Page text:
According to the media the result of the North Shropshire by-election spells disaster for the Conservatives. At first glance the doom merchants appear to have a point: in 2019 Owen Patterson obtained a very healthy 63% of the vote; two years later that support has evaporated. Neil Shastri-Hurst, Patterson’s successor, obtained just 32% of the vote this time round.
With talk of ‘political earthquakes’ filling the columns and airwaves, does the Conservative Party now stand on the brink? Not necessarily. Looking beyond the hype the picture might not be quite as apocalyptic as the media suggests. The Conservatives may have indeed lost North Shropshire, a previously safe seat, but it’s by no means all bad news. Paradoxically, the result might even give cause for optimism.
Admittedly, on the figures alone the result seems nothing short of catastrophic for Boris Johnson’s party. Some good news however is found in Labour’s similarly dismal performance. Sir Keir Starmer’s party suffered losses of an equal magnitude to their rivals. From garnering 22% of the vote in 2019, Labour managed just under 10% this time round. At a time when the Conservative Party is under fire from all directions, in terms of the UK’s wider political ecology, Labour’s failure to capitalise might be indicative of a party regarded as enabling rather than opposing government and therefore indistinguishable from it.
Indeed, disaffected Tory voters appear to have simply changed their allegiance to the Liberal Democrats, a predictable enough switch. Extrapolating from what then was clearly a protest vote becomes problematical: the result almost certainly indicates a temporary rather than permanent re-alignment – the line taken by senior Conservatives who are already prophesying a General Election turnaround when the time comes in two or three years’ time.
As to why the Conservative vote has so spectacularly collapsed, opinion is divided. There may be a new incumbent in North Shropshire and Owen Patterson has always been held in high regard, but a changing of the guard can hardly account for such a reversal. Meanwhile, political pundits point the finger at illicit Xmas parties which allegedly took place in multiple party offices. Distaste for hypocrisy thus appears to be the explanation of choice among talking heads.
That faithful voters were merely venting their spleens offers one crumb of comfort for senior Conservatives who can console themselves with the thought that, when it comes to the ballot box, memories can be extremely short. But could disaffection have another, more profound cause? Perhaps the reason why both major political parties flunked so badly is linked to their continued support for ever more tighter restrictions on personal liberty, their seeming joint determination to impose ever more draconian measures on the population since the emergence of omnicron - a possibility that only mainstream pundits could fail to consider.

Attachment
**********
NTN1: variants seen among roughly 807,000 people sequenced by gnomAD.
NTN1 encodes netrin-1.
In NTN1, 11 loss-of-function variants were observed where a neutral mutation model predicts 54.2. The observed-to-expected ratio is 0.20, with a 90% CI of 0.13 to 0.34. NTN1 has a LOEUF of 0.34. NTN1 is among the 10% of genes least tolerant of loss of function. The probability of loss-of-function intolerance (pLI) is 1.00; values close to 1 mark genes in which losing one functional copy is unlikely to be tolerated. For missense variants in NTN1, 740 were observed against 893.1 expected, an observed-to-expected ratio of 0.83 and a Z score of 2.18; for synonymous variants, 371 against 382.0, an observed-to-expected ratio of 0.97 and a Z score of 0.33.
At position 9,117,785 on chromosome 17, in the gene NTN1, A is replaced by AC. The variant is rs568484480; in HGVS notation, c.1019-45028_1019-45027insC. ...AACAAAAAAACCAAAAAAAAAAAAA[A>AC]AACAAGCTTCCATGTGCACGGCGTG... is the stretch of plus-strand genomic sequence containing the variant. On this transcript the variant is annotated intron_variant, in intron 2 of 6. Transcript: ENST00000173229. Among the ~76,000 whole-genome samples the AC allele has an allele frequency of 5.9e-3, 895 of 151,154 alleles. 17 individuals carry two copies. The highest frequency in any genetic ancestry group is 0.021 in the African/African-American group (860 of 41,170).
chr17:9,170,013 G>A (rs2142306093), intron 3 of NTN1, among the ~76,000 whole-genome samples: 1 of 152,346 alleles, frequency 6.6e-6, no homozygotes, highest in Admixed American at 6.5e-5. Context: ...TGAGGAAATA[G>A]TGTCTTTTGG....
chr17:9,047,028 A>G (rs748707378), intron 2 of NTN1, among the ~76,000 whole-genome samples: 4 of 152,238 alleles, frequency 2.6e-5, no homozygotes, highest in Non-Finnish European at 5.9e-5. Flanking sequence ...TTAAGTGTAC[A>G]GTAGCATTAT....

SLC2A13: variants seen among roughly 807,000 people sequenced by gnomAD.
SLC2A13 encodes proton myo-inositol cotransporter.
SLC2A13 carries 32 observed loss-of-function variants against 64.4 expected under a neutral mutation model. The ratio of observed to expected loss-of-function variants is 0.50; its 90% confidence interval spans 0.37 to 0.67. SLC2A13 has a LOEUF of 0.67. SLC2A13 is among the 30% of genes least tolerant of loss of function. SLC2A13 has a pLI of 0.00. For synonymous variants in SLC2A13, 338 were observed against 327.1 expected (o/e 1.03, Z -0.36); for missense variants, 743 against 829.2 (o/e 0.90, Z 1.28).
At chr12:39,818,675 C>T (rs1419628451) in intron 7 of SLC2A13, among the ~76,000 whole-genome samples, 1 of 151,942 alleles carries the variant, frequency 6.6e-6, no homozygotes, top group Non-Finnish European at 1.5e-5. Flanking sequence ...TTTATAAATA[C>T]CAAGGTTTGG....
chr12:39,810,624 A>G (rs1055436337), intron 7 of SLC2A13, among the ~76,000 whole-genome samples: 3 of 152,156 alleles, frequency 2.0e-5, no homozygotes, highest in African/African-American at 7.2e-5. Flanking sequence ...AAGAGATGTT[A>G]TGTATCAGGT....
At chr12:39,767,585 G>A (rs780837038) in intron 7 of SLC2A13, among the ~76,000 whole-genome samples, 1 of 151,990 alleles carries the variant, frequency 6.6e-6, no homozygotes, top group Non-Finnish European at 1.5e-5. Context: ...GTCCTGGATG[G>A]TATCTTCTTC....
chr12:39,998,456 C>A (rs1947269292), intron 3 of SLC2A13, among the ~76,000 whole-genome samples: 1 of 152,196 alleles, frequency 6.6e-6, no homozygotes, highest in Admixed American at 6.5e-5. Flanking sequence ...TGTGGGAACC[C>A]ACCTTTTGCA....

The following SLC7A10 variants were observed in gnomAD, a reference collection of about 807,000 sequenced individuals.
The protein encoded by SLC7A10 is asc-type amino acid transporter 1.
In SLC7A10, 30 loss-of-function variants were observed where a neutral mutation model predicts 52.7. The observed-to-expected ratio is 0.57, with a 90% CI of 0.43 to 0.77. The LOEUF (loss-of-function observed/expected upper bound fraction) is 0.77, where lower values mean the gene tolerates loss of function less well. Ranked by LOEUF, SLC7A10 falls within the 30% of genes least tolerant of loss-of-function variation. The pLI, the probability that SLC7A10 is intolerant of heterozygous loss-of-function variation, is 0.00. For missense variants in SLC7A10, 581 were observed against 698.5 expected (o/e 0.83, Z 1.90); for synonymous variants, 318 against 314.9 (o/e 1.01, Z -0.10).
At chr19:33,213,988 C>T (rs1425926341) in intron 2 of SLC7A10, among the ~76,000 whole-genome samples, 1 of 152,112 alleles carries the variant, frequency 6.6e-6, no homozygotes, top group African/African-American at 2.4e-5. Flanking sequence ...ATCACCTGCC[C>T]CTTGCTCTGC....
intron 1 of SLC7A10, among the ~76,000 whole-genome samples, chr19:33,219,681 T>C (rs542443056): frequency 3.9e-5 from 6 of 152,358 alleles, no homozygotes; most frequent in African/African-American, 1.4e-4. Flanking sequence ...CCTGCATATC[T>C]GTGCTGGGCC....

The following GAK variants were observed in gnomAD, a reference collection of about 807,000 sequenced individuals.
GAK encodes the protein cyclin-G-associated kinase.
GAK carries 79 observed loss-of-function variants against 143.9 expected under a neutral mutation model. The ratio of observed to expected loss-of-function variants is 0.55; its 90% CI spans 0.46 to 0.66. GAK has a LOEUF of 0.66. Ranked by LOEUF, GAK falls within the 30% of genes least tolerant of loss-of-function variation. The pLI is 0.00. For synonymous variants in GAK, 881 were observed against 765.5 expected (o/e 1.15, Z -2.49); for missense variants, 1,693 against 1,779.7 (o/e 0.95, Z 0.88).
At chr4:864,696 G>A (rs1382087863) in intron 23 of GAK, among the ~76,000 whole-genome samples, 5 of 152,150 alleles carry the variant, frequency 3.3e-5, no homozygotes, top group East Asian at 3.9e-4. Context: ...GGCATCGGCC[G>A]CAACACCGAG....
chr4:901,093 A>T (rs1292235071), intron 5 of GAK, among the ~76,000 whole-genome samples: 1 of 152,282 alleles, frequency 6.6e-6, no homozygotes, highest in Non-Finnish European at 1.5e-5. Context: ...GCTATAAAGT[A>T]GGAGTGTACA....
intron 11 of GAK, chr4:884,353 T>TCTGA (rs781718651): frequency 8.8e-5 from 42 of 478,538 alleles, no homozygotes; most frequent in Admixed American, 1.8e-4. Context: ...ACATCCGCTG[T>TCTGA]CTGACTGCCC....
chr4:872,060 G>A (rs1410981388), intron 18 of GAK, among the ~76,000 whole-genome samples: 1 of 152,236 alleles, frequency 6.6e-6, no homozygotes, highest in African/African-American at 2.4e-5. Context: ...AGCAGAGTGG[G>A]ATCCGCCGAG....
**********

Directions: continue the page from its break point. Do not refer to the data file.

Voting motivations aside, the Tories arguably come out of North Shropshire stirred but hardly shaken. For the most significant result of the night is surely the dismal performance of alternatives to Johnson’s beleaguered party i.e. actual right-of-centre parties. Reform, Reclaim and UKIP all had a torrid night, unable to muster a little over 5% of the vote between them.
In fact, though it never came close to happening, there could have been a much grimmer scenario for the Tories than a protest vote beneficial to the LibDems. Even if they had retained the seat with a reduced majority, encroachment into the Tory vote by the Reform Party would have been a cause for far greater concern. As it stands, party hierarchy can and no doubt will conclude that by shunning Richard Tice’s party, voters are a merely a little cross, disgruntled at worse. Perhaps the pundits are right for once; perhaps it’s the rank hypocrisy of the Conservative Party that grates and not its casual disregard for civil liberties.
While the North Shropshire by-election may not quite be the earth-shattering event portrayed by the media, it brings into stark reality the trajectory of travel under Johnson’s Conservatives. Despite its facilitation of dinghy crossings, proposed tax increases and its descent into some form of radical eco-socialism, it’s crystal clear that traditional Tory voters see no credible alternative to the Conservative Party.
For this by-election was the base’s opportunity to send a resounding message to high command. That’s not to say a message was not duly received, because it was: it doesn’t matter how far away from conservative principles the party drifts, we, the Tory faithful, will stick with the party. This is not only good news, but exceptionally wonderful news for Johnson’s red and green hybrid party which can continue to press ahead with its radical agenda unfettered and completely unchallenged.
Little wonder then in the aftermath of North Shropshire the mood in Conservative Central Office is so bullish. Ironically, the crushing LibDem victory far from weakening may have actually fortified Boris Johnson’s position. Expect therefore to hear the sinister ‘build back better’ strapline and all it implies more, not less, in the months ahead.